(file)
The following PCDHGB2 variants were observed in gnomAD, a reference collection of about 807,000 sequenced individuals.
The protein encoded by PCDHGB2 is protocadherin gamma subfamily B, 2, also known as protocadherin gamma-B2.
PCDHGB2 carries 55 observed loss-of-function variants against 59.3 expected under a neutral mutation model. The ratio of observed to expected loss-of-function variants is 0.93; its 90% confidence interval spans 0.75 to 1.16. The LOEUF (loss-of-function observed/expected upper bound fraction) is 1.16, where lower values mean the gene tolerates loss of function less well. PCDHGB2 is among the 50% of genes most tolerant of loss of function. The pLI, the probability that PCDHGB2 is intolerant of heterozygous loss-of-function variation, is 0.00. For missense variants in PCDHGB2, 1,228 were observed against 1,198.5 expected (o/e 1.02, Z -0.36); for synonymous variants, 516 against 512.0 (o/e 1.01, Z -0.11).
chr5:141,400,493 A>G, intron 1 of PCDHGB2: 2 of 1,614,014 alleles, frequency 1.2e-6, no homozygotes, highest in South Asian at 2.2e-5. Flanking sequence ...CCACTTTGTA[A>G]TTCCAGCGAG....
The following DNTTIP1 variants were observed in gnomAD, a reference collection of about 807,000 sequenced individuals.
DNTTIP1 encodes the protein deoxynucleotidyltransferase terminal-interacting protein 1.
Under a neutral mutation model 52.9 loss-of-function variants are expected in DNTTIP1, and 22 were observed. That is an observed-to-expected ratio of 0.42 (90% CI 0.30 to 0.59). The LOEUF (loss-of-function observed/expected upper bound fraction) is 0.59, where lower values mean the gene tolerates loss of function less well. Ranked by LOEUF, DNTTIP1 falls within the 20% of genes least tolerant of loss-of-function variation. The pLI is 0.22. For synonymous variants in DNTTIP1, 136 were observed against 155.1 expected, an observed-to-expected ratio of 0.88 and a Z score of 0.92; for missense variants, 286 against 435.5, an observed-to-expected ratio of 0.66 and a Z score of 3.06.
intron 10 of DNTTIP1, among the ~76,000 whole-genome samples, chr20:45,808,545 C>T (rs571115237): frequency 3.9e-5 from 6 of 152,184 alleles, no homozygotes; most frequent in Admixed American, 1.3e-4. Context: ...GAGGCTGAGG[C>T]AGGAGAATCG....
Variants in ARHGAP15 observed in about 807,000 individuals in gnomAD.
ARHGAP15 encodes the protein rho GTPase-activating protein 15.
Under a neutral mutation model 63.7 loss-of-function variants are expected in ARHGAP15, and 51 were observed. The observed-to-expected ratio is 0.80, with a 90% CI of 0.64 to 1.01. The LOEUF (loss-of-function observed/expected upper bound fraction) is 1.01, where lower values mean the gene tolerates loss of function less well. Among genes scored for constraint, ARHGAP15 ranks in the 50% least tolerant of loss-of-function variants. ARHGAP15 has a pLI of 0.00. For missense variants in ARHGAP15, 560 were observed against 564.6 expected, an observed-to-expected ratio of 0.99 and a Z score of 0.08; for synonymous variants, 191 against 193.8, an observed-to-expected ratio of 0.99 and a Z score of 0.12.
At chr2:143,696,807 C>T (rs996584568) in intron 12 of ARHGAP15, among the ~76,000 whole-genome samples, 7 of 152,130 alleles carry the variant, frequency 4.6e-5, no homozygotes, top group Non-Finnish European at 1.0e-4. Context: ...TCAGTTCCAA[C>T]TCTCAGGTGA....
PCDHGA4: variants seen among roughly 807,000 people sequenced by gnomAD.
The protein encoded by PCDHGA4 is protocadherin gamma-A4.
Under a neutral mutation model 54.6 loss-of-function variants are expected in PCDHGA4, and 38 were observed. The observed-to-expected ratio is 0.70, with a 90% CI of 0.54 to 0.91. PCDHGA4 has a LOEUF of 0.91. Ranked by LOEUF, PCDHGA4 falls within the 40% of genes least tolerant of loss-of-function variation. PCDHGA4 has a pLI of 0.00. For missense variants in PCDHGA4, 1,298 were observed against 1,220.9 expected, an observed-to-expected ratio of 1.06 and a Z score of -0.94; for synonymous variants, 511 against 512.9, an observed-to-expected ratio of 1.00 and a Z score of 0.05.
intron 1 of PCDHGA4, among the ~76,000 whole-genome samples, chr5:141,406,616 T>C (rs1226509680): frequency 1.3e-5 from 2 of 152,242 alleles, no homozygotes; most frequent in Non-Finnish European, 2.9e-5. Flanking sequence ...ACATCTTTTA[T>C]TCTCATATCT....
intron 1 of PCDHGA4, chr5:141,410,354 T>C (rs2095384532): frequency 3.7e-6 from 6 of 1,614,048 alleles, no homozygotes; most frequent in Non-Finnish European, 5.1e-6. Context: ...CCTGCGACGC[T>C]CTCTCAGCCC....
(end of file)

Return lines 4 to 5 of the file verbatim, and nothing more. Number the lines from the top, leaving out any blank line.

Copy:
chr5:141,400,493 A>G, intron 1 of PCDHGB2: 2 of 1,614,014 alleles, frequency 1.2e-6, no homozygotes, highest in South Asian at 2.2e-5. Flanking sequence ...CCACTTTGTA[A>G]TTCCAGCGAG....
The following DNTTIP1 variants were observed in gnomAD, a reference collection of about 807,000 sequenced individuals.